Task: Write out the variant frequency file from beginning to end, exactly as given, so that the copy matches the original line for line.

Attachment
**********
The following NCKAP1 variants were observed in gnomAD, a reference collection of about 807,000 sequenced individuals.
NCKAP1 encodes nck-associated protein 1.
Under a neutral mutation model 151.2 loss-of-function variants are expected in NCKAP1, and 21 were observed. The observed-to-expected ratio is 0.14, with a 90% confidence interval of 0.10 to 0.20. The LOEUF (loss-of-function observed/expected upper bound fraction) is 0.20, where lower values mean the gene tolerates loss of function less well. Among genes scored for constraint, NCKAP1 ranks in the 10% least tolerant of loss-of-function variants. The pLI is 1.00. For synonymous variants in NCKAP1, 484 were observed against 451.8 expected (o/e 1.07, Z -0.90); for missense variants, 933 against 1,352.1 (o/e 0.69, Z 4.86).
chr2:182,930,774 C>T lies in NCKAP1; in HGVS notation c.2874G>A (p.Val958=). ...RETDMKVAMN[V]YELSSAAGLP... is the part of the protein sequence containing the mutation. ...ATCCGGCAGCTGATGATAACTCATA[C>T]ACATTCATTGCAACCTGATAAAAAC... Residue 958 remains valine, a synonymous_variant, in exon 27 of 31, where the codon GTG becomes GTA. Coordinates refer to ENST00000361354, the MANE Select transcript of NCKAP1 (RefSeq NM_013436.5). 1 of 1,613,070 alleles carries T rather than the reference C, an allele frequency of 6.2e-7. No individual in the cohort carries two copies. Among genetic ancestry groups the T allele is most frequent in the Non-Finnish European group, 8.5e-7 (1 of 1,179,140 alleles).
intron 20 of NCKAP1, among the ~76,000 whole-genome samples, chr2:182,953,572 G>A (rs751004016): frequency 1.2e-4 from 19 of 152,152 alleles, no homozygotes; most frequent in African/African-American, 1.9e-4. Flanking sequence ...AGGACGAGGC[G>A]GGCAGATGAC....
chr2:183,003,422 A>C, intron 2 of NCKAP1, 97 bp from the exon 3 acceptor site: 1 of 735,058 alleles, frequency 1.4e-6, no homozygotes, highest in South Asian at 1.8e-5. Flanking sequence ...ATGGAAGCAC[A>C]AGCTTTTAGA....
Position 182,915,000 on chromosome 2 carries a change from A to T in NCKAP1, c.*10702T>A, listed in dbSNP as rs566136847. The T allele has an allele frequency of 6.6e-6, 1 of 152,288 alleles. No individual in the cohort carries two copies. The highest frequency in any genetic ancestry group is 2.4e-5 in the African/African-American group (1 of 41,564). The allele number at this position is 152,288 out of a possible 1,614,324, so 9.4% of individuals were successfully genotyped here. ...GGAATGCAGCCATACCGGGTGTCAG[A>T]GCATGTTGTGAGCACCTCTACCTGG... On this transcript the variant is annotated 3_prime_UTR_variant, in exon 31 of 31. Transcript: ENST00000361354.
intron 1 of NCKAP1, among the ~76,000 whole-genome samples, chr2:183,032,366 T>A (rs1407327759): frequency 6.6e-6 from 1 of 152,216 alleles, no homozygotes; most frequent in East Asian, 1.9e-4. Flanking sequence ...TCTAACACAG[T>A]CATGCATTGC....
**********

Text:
The following NCKAP1 variants were observed in gnomAD, a reference collection of about 807,000 sequenced individuals.
NCKAP1 encodes nck-associated protein 1.
Under a neutral mutation model 151.2 loss-of-function variants are expected in NCKAP1, and 21 were observed. The observed-to-expected ratio is 0.14, with a 90% confidence interval of 0.10 to 0.20. The LOEUF (loss-of-function observed/expected upper bound fraction) is 0.20, where lower values mean the gene tolerates loss of function less well. Among genes scored for constraint, NCKAP1 ranks in the 10% least tolerant of loss-of-function variants. The pLI is 1.00. For synonymous variants in NCKAP1, 484 were observed against 451.8 expected (o/e 1.07, Z -0.90); for missense variants, 933 against 1,352.1 (o/e 0.69, Z 4.86).
chr2:182,930,774 C>T lies in NCKAP1; in HGVS notation c.2874G>A (p.Val958=). ...RETDMKVAMN[V]YELSSAAGLP... is the part of the protein sequence containing the mutation. ...ATCCGGCAGCTGATGATAACTCATA[C>T]ACATTCATTGCAACCTGATAAAAAC... Residue 958 remains valine, a synonymous_variant, in exon 27 of 31, where the codon GTG becomes GTA. Coordinates refer to ENST00000361354, the MANE Select transcript of NCKAP1 (RefSeq NM_013436.5). 1 of 1,613,070 alleles carries T rather than the reference C, an allele frequency of 6.2e-7. No individual in the cohort carries two copies. Among genetic ancestry groups the T allele is most frequent in the Non-Finnish European group, 8.5e-7 (1 of 1,179,140 alleles).
intron 20 of NCKAP1, among the ~76,000 whole-genome samples, chr2:182,953,572 G>A (rs751004016): frequency 1.2e-4 from 19 of 152,152 alleles, no homozygotes; most frequent in African/African-American, 1.9e-4. Flanking sequence ...AGGACGAGGC[G>A]GGCAGATGAC....
chr2:183,003,422 A>C, intron 2 of NCKAP1, 97 bp from the exon 3 acceptor site: 1 of 735,058 alleles, frequency 1.4e-6, no homozygotes, highest in South Asian at 1.8e-5. Flanking sequence ...ATGGAAGCAC[A>C]AGCTTTTAGA....
Position 182,915,000 on chromosome 2 carries a change from A to T in NCKAP1, c.*10702T>A, listed in dbSNP as rs566136847. The T allele has an allele frequency of 6.6e-6, 1 of 152,288 alleles. No individual in the cohort carries two copies. The highest frequency in any genetic ancestry group is 2.4e-5 in the African/African-American group (1 of 41,564). The allele number at this position is 152,288 out of a possible 1,614,324, so 9.4% of individuals were successfully genotyped here. ...GGAATGCAGCCATACCGGGTGTCAG[A>T]GCATGTTGTGAGCACCTCTACCTGG... On this transcript the variant is annotated 3_prime_UTR_variant, in exon 31 of 31. Transcript: ENST00000361354.
intron 1 of NCKAP1, among the ~76,000 whole-genome samples, chr2:183,032,366 T>A (rs1407327759): frequency 6.6e-6 from 1 of 152,216 alleles, no homozygotes; most frequent in East Asian, 1.9e-4. Flanking sequence ...TCTAACACAG[T>A]CATGCATTGC....